2.  Alibech turns hermit, and a monk, Rustico, teaches her to put theDevil in Hell. Afterwards she is brought home, and married toNeerbale.
3.  Now Buffalmaco and Bruno, after they had spent an indifferent while,with the Warders at the Port in laughter; in a faire and gentlepace, they followed Calandrino home to his house, and being come tothe doore, they heard the harsh bickering betweene him and his Wife,and seeming as if they were but newly arrived, they called out alowdto him. Calandrino being in a sweate, stamping and raving still at hisWife: looking forth of the window, entreated them to ascend up to him,which they did, counterfetting greevous displeasure against him. Beingcome into the roome, which they saw all covered over with stones,his Wife sitting in a corner, all the haire (well-neere) torne off herhead, her face broken and bleeding, and all her body cruelly beaten;on the other side, Calandrino standing unbraced and ungirded,strugling and wallowing, like a man quite out of breath: after alittle pausing, Bruno thus spake.
4.  Lazaro, who stoode all this while like a well-beleeving Logger-head,demurely thus answered. Alas good Wife! I pray you bee not so angry, Inever had so much as an ill thought of you, but know wel enough whatyou are, and have made good proofe thereof this morning. Understandtherefore patiently (sweet Wife) that I went forth to my work as daylyI use to do, little dreaming (as I thinke you doe not) that it hadbene Holyday. Wife, this is the Feast day of Saint Galeone; whereon wemay in no wise worke, and this is the reason of my so soone returning.Neverthelesse (dear Wife) I was not carelesse of our Housholdprovision: For, though we worke not, yet we must have foode, which Ihave provided for more then a moneth. Wife, I remembred the brewingFat, whereof we have little or no use at all, but rather it is atrouble to the house, then otherwise. I met with an honest Friend, whostayeth without at the doore, to him I have sold the Fat for tenGigliatoes, and he tarrieth to take it away with him.
5.  But he well considering what she was, the greatnes of his injury, asalso how, and for whom: he forgot all wanton allurements of Love,scorning to entertaine a thought of compassion, continuing constant inhis resolution, to let her suffer, as he himselfe had done. So, Helenabeing mounted up on the Turret, and turning her face towards theNorth; she repeated those idle frivolous words (composed in the natureof a charme) which shee had received from the Scholler. Afterward,by soft and stealing steps, hee went into the old Tower, and tookeaway the Ladder, whereby she ascended to the Tarras, staying andlistening, how shee proceeded in her amorous exorcisme.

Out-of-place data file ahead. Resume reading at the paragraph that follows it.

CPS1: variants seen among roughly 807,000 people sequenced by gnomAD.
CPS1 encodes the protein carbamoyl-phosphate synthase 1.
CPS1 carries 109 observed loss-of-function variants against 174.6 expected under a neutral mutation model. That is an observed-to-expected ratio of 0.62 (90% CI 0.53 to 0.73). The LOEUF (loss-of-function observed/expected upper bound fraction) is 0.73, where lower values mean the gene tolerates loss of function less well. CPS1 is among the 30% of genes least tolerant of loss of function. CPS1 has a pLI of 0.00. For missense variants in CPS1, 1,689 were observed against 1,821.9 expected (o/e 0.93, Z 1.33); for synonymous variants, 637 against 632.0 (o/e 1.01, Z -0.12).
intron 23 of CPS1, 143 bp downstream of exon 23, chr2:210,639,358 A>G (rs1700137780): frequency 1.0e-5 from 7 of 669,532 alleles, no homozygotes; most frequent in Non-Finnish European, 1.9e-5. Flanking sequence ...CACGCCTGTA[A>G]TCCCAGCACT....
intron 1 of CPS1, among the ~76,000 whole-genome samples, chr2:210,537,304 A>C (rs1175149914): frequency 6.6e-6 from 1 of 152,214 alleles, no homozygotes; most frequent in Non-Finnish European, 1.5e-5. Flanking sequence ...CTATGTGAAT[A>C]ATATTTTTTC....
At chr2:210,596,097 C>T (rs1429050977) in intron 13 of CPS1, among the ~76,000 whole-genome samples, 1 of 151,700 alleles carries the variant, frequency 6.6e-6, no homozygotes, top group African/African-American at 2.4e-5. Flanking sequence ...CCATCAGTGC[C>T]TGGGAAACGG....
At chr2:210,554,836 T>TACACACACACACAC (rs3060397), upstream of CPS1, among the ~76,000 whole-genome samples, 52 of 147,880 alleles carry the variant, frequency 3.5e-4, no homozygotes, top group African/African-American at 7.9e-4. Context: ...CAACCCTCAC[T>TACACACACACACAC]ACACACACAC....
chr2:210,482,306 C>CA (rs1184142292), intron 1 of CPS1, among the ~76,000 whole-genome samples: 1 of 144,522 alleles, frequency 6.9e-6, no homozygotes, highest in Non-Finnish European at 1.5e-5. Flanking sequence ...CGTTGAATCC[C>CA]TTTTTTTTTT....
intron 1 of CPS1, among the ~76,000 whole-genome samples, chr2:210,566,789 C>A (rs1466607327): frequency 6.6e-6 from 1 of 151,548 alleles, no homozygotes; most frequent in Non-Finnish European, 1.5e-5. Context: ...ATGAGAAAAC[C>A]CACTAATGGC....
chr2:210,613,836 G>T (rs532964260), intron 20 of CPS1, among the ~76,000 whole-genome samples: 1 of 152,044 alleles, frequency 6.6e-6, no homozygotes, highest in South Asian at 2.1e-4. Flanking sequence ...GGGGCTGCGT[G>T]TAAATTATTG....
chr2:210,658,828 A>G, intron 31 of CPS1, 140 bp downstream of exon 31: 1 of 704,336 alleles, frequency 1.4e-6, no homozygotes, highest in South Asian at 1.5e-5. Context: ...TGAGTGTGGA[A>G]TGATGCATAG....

6.  Wherefore, I hold it much better for me to give it away freely, as Ihave alwayes done my goods and treasure; then bee curious in keepingit, and suffer it to be taken from me (whether I will or no) byNature. A small gift it is, if time make me up the full summe of anhundred yeares: how miserable is it then, to stand beholding but forfoure or five, and all of them vexation too? Take it then I intreatethee, if thou wilt have it; for I never met with any man before (butthy selfe) that di desire it, nor (perhaps) shall finde any other torequest it: for the longer I keepe it, the worse it wil be esteemed:and before it grow contemptible, take it I pray thee.


1.  The base-minded Knight, coveting to have the Horse, and yet not topart with any money, sent for the Magnifico, desiring to buy his fayreGelding of him, because he hoped to have him of free gift. TheMagnifico hearing this request, was very joyfull, and thus answered;Sir, if you would give me all the wealth which you possesse in thisworld, I wil not sell you my horse, rather I wil bestow him on youas a Gentlemans gift: but yet upon this condition, that before youhave him delivered, I may with your license, and in your presencespeake a few words to your vertuous Ladie, and so farre off indistance from you, as I may not be heard by any, but onely herselfe. Signior Francesco, wholly conducted by his base avariciousdesire, and meaning to make a scorne at the Magnifico, made answer,that he was well contented to let him speak with her when he would;and leaving him in the great Hall of the house, went to his wivesChamber, and told her how easily he might enjoy the horse,commanding her forthwith to come and heare what he could say to her,only she should abstaine, and not returne him any answer. The Ladywith a modest blush, much condemned this folly in him, that hiscovetousnes should serve as a cloake to cover any unfitting speecheswhich her chaste eares could never endure to heare. Neverthelessebeing to obey her husbands will, she promised to do it, and followedhim down into the Hall, to heare what the Magnifico would say.Againe he there confirmed the bargaine made with her husband, andsitting downe by her in a corner of the Hall, farre enough off fromany ones hearing, taking her curteously by the hand, thus he spake.